Hand Tools

probably an in between.
Response To:
there is an answer ()

David Weaver
But the in between type takes labor/staffing.

There used to be a large shop a few hours from me that would allow you to pick, but they had upcharges for just about everything. If you picked through the maple to find nice matching figure or relatively consistent even figure from end to end, you paid a "musical grade" upcharge. If you picked wider boards, there were cost tiers. $6 a board foot wood could easily be double when you were done, but you may choose to get it like that on purpose.

they didn't have any real junk mixed in and if you called to order, you could give them general directions.

if you're operating a retail rack and trying to pull a pallet at any time from the same stock for loyal customers, then the loyal customer loses. You'd have to keep separate racks of mill run lumber with junk culled and then the retail rack so that your former customer could get a delivery of lumber they'd use and retail (since they aren't your core business) could fight through their own share.

Based on what I mentioned above, you could conclude that the yard that I shopped for might be a good place to pick through wood and then make things like guitar tops, but the wood that would make something like a "5a" guitar top (nebulous term) was already not in the rack - anything that perfect was removed and already made into instrument wood.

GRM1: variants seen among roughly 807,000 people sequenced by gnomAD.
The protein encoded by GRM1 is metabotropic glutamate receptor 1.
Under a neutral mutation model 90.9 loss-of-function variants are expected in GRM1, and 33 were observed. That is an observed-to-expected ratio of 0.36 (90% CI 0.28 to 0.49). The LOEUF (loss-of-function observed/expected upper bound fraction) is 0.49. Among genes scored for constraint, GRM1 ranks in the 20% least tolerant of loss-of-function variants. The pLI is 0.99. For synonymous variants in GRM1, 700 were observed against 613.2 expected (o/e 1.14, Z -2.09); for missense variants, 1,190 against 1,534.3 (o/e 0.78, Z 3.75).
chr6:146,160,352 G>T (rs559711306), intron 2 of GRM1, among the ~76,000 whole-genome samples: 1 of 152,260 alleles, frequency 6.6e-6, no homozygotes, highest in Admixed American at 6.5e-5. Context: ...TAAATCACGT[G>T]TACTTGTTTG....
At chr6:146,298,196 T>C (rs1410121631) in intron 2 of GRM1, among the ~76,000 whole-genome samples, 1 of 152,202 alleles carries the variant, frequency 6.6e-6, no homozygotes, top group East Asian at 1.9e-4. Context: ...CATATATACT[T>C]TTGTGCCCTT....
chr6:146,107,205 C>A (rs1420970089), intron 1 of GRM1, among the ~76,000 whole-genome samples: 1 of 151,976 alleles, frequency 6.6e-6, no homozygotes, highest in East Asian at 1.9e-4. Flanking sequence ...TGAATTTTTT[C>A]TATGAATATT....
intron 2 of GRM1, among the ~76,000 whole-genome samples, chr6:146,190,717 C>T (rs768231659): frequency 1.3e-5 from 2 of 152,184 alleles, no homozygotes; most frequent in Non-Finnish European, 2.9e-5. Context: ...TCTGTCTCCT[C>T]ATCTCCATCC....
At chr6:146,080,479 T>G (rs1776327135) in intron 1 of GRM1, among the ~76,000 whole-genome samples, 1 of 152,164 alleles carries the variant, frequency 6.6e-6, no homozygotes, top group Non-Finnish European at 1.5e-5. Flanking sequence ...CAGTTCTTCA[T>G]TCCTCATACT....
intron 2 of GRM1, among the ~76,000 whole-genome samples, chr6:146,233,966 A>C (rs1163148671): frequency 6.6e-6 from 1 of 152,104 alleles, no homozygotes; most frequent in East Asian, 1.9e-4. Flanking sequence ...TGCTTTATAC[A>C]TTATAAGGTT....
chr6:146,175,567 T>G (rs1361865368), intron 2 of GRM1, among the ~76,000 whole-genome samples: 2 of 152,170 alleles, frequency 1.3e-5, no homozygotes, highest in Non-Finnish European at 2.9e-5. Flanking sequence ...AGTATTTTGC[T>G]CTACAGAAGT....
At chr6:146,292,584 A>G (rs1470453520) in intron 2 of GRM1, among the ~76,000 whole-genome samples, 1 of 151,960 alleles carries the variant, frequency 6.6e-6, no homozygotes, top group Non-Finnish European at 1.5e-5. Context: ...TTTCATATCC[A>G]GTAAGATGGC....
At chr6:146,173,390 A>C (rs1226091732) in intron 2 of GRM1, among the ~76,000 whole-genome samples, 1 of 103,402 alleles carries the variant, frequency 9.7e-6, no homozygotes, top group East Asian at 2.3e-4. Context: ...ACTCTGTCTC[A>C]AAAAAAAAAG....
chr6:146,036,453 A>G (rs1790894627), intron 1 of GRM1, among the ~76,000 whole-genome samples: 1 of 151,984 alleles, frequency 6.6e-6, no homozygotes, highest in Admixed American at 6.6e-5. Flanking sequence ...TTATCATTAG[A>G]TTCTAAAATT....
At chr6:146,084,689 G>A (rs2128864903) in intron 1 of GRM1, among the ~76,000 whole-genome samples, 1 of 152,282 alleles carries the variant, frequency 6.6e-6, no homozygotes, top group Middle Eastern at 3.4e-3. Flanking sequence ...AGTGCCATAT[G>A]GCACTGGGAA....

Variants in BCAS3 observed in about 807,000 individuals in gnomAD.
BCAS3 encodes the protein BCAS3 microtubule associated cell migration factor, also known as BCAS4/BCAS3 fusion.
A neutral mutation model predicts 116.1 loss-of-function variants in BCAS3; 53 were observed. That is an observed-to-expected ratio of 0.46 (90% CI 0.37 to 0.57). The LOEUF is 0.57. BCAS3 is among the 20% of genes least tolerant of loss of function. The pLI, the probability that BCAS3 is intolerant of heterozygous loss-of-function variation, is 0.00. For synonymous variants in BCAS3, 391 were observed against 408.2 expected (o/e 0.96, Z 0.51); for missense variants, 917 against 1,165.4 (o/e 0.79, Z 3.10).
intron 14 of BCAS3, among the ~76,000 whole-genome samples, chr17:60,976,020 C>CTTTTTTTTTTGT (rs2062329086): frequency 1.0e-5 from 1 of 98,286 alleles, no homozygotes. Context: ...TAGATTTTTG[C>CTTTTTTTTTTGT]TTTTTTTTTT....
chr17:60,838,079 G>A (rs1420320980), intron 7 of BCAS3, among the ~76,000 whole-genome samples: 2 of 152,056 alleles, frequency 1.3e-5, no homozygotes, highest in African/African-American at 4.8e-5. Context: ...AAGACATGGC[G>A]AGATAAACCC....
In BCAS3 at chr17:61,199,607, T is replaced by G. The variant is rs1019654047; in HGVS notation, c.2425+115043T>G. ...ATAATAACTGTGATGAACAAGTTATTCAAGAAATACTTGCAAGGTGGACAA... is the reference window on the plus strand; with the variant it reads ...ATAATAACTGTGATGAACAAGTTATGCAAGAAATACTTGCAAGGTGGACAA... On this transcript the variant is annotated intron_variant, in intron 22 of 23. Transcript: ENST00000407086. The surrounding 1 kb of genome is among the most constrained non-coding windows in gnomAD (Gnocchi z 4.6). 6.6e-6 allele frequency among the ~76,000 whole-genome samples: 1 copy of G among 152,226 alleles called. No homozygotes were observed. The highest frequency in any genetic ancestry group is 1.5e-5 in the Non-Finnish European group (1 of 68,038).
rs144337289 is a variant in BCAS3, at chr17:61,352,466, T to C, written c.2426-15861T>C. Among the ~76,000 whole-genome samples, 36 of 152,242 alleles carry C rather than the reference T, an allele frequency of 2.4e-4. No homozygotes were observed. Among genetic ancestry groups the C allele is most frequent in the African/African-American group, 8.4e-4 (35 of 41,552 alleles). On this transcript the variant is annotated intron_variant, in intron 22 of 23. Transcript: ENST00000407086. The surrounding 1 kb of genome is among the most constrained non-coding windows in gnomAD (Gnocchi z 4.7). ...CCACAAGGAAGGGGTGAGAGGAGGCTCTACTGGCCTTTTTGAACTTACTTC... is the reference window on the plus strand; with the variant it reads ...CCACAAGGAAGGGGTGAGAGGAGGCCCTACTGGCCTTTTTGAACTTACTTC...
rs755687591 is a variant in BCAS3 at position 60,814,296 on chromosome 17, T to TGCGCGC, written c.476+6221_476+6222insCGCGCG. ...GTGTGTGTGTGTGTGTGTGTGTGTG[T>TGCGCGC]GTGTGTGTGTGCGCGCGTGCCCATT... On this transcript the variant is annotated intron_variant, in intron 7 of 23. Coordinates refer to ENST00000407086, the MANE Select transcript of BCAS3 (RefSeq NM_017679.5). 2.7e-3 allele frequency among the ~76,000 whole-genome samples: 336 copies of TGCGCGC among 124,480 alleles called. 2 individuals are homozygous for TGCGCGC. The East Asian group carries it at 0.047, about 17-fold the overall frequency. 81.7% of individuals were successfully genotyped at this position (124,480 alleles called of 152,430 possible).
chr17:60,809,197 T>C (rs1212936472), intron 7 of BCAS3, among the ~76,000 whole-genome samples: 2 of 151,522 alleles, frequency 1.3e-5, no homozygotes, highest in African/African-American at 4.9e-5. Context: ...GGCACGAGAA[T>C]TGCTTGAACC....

I have no problem buying from local one man millers here and having them deliver if they deliver wood that I can use. If they charge 90% of market, but half of the wood is almost unusable, then no second order. My only other option is commercial shops that cater to local contractors and would rather sell pre-sized wood for double the market price of 4/4 lumber, for example. They also don't allow you to pick, and the quality has declined in my experience and the way they pull lumber is something I can't really follow - the boards come all at the same width. It may be 7 inches, it may be 8, but they're matching, but the boards don't match well. I guess they can order sorted wood from mills.

All in all, the one man operations have it all over the retail places *until* they lose interest or change focus (for example, the first guy I used retired. He generally sawed and dried wood and if you got a fair bit of it, it was generally in order from the trees he sawed - it didn't get pulled apart and sorted further. The second guy I used is full time and very honest, but he stocks a lot less lumber now as the DIY crowd makes slab stuff far more worth his time).

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